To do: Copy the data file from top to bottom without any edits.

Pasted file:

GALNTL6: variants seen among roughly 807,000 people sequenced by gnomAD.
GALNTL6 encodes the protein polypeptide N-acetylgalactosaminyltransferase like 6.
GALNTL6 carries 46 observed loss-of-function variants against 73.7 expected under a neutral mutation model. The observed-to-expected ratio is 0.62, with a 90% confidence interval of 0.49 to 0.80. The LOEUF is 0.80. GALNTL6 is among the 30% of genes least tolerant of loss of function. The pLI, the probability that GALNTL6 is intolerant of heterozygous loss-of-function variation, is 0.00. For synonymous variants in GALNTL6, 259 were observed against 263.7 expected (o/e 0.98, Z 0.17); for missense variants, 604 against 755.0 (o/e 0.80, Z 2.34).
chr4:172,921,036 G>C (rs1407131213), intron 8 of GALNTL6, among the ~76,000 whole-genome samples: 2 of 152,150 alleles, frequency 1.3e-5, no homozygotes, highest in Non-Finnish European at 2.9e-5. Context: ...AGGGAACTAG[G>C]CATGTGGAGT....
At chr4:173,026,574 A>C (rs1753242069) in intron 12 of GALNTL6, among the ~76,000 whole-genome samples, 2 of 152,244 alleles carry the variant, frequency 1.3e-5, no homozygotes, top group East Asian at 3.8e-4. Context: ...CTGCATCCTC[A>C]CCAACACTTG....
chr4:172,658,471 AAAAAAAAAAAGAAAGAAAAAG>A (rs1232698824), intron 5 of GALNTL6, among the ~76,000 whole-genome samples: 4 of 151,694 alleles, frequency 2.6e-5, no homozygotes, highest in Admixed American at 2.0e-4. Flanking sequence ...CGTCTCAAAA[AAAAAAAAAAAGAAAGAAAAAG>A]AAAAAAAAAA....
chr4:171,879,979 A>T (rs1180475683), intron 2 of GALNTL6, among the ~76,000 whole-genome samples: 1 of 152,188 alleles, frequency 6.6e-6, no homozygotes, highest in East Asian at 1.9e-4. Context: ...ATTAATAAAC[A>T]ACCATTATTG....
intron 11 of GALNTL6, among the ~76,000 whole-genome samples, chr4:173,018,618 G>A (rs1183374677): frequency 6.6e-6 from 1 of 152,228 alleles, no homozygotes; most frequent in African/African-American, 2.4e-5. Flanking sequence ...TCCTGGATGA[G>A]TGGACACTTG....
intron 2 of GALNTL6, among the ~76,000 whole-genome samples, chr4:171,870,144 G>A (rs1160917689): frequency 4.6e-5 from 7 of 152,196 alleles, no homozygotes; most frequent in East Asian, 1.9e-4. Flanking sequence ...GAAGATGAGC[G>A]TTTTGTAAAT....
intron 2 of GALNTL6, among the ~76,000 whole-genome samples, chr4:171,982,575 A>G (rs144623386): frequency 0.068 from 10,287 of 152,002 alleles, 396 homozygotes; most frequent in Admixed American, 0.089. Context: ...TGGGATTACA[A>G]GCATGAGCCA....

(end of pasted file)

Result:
GALNTL6: variants seen among roughly 807,000 people sequenced by gnomAD.
GALNTL6 encodes the protein polypeptide N-acetylgalactosaminyltransferase like 6.
GALNTL6 carries 46 observed loss-of-function variants against 73.7 expected under a neutral mutation model. The observed-to-expected ratio is 0.62, with a 90% confidence interval of 0.49 to 0.80. The LOEUF is 0.80. GALNTL6 is among the 30% of genes least tolerant of loss of function. The pLI, the probability that GALNTL6 is intolerant of heterozygous loss-of-function variation, is 0.00. For synonymous variants in GALNTL6, 259 were observed against 263.7 expected (o/e 0.98, Z 0.17); for missense variants, 604 against 755.0 (o/e 0.80, Z 2.34).
chr4:172,921,036 G>C (rs1407131213), intron 8 of GALNTL6, among the ~76,000 whole-genome samples: 2 of 152,150 alleles, frequency 1.3e-5, no homozygotes, highest in Non-Finnish European at 2.9e-5. Context: ...AGGGAACTAG[G>C]CATGTGGAGT....
At chr4:173,026,574 A>C (rs1753242069) in intron 12 of GALNTL6, among the ~76,000 whole-genome samples, 2 of 152,244 alleles carry the variant, frequency 1.3e-5, no homozygotes, top group East Asian at 3.8e-4. Context: ...CTGCATCCTC[A>C]CCAACACTTG....
chr4:172,658,471 AAAAAAAAAAAGAAAGAAAAAG>A (rs1232698824), intron 5 of GALNTL6, among the ~76,000 whole-genome samples: 4 of 151,694 alleles, frequency 2.6e-5, no homozygotes, highest in Admixed American at 2.0e-4. Flanking sequence ...CGTCTCAAAA[AAAAAAAAAAAGAAAGAAAAAG>A]AAAAAAAAAA....
chr4:171,879,979 A>T (rs1180475683), intron 2 of GALNTL6, among the ~76,000 whole-genome samples: 1 of 152,188 alleles, frequency 6.6e-6, no homozygotes, highest in East Asian at 1.9e-4. Context: ...ATTAATAAAC[A>T]ACCATTATTG....
intron 11 of GALNTL6, among the ~76,000 whole-genome samples, chr4:173,018,618 G>A (rs1183374677): frequency 6.6e-6 from 1 of 152,228 alleles, no homozygotes; most frequent in African/African-American, 2.4e-5. Flanking sequence ...TCCTGGATGA[G>A]TGGACACTTG....
intron 2 of GALNTL6, among the ~76,000 whole-genome samples, chr4:171,870,144 G>A (rs1160917689): frequency 4.6e-5 from 7 of 152,196 alleles, no homozygotes; most frequent in East Asian, 1.9e-4. Flanking sequence ...GAAGATGAGC[G>A]TTTTGTAAAT....
intron 2 of GALNTL6, among the ~76,000 whole-genome samples, chr4:171,982,575 A>G (rs144623386): frequency 0.068 from 10,287 of 152,002 alleles, 396 homozygotes; most frequent in Admixed American, 0.089. Context: ...TGGGATTACA[A>G]GCATGAGCCA....